Billy Childish: I don’t know. The difficulty is John living in Sicily. And I don’t really like reunions much. But it would be possible if it was good fun. I mean, we’ve been asked to go to Japan. But although we’re sort of like respected, don’t forget, I still don’t have a manager. We don’t have management or agents. So no one looks after our corner. I mean, Thee Headcoats album is recorded because I paid for it to be recorded. You know, and no one else asks me to do things. I mean, when I said to Damaged Goods I’m doing an album, they said ‘’great, we’d love to have that’’ and they gave me an advance to cover the costs of two or three days work, And then giving Johnny some airfare and we get a bit of spare. But it’s like, we don’t have a machine behind us, or a management or an agent. Even when we’re in Berlin, with CTMF, my current group, we’re playing a little bit, we like playing small venues. We like using local PAs. And we like nobody telling us what to do or how to do it. And it actually makes it much more awkward using the equipment we do. And also people would prefer it if we use modern equipment, which is the big irony. So we’re sort of like doing something that no one else does. And also, when you do it, the way we do it, you’re much more exposed. And you can’t hear what’s going on so well, the holes are more apparent, the mistakes are more apparent. So you’re laying yourself open for a lot of problems using the gear we use. But for me, the whole thing is the sound and the feeling. And if it can’t be the sound and the feeling I want. I’m happy to stay indoors and have a cup of tea instead.

PAN M 360: You have to find a venue that will fit your standards.

Billy Childish: And also someone who will lend us the gear if we’re going abroad. Yeah, we’re playing with CTMF in Reno, or near Reno, in Nevada in July. We’re doing one show in the States. People who are fans got a Vocal Master PA, we use a real drum kit, and we use use amplifiers, so that we can have the sound that we like. I mean, we’ve just been asked to go to Serbia, but who’s got the crap we use in Serbia? Or what promoter understands what we do? They don’t understand, because everyone would prefer if we’d play a big venue with the modern equipment. Even in the Milkshakes people said to us, in the early 80’s in Germany, ‘’if you use the big boxes, people would like you’’. Because we used to take a vocal PA with us and do it the way we want it. But for us, it’s the homegrown. It’s a small corner shop, not the supermarket. And it’s the analog sound, it’s the way we want it.

PAN M 360: It would be great to have you guys in Montreal. I think you’ve played only once, many years ago.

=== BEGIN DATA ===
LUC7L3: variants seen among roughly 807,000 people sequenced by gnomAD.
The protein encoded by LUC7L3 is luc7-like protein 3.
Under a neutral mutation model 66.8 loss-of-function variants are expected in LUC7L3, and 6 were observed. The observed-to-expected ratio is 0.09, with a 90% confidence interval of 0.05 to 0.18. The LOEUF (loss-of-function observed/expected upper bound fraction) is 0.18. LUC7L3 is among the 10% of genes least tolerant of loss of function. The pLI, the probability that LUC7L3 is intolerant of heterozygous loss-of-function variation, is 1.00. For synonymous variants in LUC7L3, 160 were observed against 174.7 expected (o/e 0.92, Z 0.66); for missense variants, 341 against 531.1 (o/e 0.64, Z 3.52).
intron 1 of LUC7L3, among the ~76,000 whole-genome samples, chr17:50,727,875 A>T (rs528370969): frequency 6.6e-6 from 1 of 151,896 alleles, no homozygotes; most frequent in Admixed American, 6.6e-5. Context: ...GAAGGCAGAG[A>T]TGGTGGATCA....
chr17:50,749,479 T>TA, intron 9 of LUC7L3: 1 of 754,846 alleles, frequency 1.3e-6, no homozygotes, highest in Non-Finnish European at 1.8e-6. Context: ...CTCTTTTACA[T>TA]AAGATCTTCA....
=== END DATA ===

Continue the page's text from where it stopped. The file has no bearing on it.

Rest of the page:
Billy Childish: We did that with two amplifiers, I think, because you can get that sound there. We flew over, we did it as a weekend. We flew one day, did the gig the next night and flew home the next day. Julie (his wife and partner in many projects) found it a bit intense.

PAN M 360: Is it going to be the same thing with the Reno show? 

Billy Childish: Julie is American and we’re gonna visit the family and California. So we’re gonna be out there. It’s actually a family holiday. Because I haven’t been there for a long time. And then someone roped us into doing a show in the middle of it, which I agreed to.

PAN M 360: You do a lot of stuff. You’re a musician, you’re a poet, you’re a writer, you’re a painter… What are you working on right now?Billy Childish: I published a novel in secret, like in chapters, last year. And that was part of a double novel that I’ve been writing for 12 years. So I’m writing this novel on the punk rock period, which I work on every day. I’ve done about 32 drafts of that over the last 12 years. And then I started a quarterly magazine, small press poetry. People just subscribe. I’ve got an exhibition opening in England in July with my English gallery. There’s a couple of other things but I can’t remember… I’m working on a couple of films of some of the concerts we did recently… What else do I do? I do quite a lot of things. I’m writing and painting, doing the poetry. There’s some other things I do, but I can’t remember. I’m working with about three or four different groups at the moment as well. And the painting takes quite a lot of my time, it is my main job, being a painter. There’s an art fair in Hong Kong, I mean, at the minute. And then there can be Art Basel, which is another big art fair, which is coming up as well. But I’m not signed to any art galleries either. You know, we just did a big show in New York.

PAN M 360: And what are these four other groups? 

Billy Childish: The Chatham Singers, which is the blues group, the Singing Loins, which is the folk group, the William Loveday Intention, which is sort of like another strange group, the Guy Hamper trio, which is with James Taylor, which is like an Hammond organ instrumental group, CTMF, Thee Headcoats, which we’ve just done… I think that’s it. 

PAN M 360: Well, that’s quite prolific. Thank you for your time!

Billy Childish: It’s a pleasure. Oh, and if someone’s got a vocal PA and the right gear in Montreal, we might consider coming over!

(Photo: Alison Wonderland)